An example would be: Lying on mat, holding ten pound dumbbells in my hands, I do chest presses while also keeping my legs lifted from the mat (as the photo above shows, except with or without ball, and using the dumbbells)—as I do my chest presses with my legs lifted, I’m working many muscles at once, and I am very careful with my CONTROL. Without control comes chaos—injury! And during my mat work, I do not want chaos—injury—or flailing about.

As my body grows stronger, as I challenge it to do more and more, and different, workouts, I can see the progress of my hard work. Things I didn’t think I could ever do before suddenly have become “easier.” My flexibility is better—this coming from a girl who had practically no flexibility.

No one is looking at your workoug and if they are? So what? Stay in your own zone--ignore everything around you but your body and what it is doing. No one sees your manuscript--only you! Stay in your zone and have fun

No one is looking – and if they are? So what? Stay in your own zone–ignore everything around you but your body and what it is doing-have fun! No one sees your manuscript until you want them to, so stay in your zone, and have fun!

That wild abandon paired with the CONTROL of my mat work creates the health and body I want to have—strong, flexible, heart and lungs healthy, higher endurance, etc. I feel confident, and proud of my accomplishments. And I want to do more, more, more, because it feels so danged good.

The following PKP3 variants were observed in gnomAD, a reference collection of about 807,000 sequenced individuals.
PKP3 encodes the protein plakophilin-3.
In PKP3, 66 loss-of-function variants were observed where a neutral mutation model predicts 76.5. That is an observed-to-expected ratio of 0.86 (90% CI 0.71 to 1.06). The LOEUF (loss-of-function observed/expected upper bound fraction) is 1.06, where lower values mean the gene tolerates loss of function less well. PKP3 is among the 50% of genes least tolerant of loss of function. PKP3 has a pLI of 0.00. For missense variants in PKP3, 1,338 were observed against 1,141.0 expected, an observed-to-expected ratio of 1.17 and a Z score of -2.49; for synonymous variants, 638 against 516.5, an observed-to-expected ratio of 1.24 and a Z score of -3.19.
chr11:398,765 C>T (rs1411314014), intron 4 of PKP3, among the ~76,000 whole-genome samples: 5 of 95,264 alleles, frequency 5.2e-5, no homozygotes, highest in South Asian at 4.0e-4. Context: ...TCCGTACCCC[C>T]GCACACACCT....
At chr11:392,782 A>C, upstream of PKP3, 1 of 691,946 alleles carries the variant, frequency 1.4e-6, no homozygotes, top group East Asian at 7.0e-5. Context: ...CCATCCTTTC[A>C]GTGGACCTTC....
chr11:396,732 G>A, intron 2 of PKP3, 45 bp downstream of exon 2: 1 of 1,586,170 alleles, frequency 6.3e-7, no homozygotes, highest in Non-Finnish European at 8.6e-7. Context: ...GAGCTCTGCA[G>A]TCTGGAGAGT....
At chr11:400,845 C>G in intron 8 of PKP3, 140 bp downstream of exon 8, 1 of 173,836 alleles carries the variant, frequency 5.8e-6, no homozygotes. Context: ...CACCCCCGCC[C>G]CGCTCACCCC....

Writer:

When people ask me, “What is your writing process?” I always say, “I dunno. I just sit my ass down and write.” But of course  there is more to my process than that.

The first draft of my work is written with abandon, wild and free, without over-thinking it; whatever comes out of my pea-headed black holed brain is fine with me; let it come on! It’s fun, my endorphins are high, I’m feeling GREAT! Does it mean I have zero control? Nope, for the more I write, the better I naturally do the kinds of writing that will mean less work later on. Meaning, I have a grasp of grammar and punctuation “rules” even if I break them; my work comes out, even in draft, with paragraphs and dialogue and narrative and in chapters, automatically. My very first novel was almost all narrative-aw lawd! It was  a HOT MESS! Well, so what? Look at what’s happened since then: four published novels, a novella, and one set to be released in September. GO FOR IT, y’all!